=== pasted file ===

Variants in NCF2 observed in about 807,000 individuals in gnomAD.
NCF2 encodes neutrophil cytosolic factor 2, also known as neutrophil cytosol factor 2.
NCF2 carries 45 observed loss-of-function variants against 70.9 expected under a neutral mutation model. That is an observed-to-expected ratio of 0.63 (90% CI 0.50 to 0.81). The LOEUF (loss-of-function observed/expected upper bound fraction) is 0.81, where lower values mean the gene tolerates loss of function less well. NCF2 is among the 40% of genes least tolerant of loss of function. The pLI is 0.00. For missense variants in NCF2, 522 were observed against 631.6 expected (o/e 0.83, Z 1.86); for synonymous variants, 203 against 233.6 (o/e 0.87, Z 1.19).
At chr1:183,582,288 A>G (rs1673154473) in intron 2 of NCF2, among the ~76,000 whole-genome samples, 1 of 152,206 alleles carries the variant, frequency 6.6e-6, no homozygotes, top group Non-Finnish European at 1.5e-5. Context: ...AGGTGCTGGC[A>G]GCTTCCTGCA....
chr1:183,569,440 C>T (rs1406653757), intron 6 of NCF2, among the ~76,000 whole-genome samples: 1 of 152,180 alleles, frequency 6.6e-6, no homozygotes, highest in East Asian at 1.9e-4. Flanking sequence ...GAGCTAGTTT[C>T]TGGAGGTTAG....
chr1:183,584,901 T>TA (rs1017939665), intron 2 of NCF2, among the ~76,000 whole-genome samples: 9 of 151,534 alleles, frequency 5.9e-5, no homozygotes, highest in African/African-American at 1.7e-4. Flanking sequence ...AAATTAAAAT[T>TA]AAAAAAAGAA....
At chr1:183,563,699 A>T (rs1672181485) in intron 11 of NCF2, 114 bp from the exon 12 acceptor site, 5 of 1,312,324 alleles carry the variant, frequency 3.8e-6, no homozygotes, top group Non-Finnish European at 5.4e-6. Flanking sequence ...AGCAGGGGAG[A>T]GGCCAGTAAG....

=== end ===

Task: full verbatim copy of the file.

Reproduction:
Variants in NCF2 observed in about 807,000 individuals in gnomAD.
NCF2 encodes neutrophil cytosolic factor 2, also known as neutrophil cytosol factor 2.
NCF2 carries 45 observed loss-of-function variants against 70.9 expected under a neutral mutation model. That is an observed-to-expected ratio of 0.63 (90% CI 0.50 to 0.81). The LOEUF (loss-of-function observed/expected upper bound fraction) is 0.81, where lower values mean the gene tolerates loss of function less well. NCF2 is among the 40% of genes least tolerant of loss of function. The pLI is 0.00. For missense variants in NCF2, 522 were observed against 631.6 expected (o/e 0.83, Z 1.86); for synonymous variants, 203 against 233.6 (o/e 0.87, Z 1.19).
At chr1:183,582,288 A>G (rs1673154473) in intron 2 of NCF2, among the ~76,000 whole-genome samples, 1 of 152,206 alleles carries the variant, frequency 6.6e-6, no homozygotes, top group Non-Finnish European at 1.5e-5. Context: ...AGGTGCTGGC[A>G]GCTTCCTGCA....
chr1:183,569,440 C>T (rs1406653757), intron 6 of NCF2, among the ~76,000 whole-genome samples: 1 of 152,180 alleles, frequency 6.6e-6, no homozygotes, highest in East Asian at 1.9e-4. Flanking sequence ...GAGCTAGTTT[C>T]TGGAGGTTAG....
chr1:183,584,901 T>TA (rs1017939665), intron 2 of NCF2, among the ~76,000 whole-genome samples: 9 of 151,534 alleles, frequency 5.9e-5, no homozygotes, highest in African/African-American at 1.7e-4. Flanking sequence ...AAATTAAAAT[T>TA]AAAAAAAGAA....
At chr1:183,563,699 A>T (rs1672181485) in intron 11 of NCF2, 114 bp from the exon 12 acceptor site, 5 of 1,312,324 alleles carry the variant, frequency 3.8e-6, no homozygotes, top group Non-Finnish European at 5.4e-6. Flanking sequence ...AGCAGGGGAG[A>T]GGCCAGTAAG....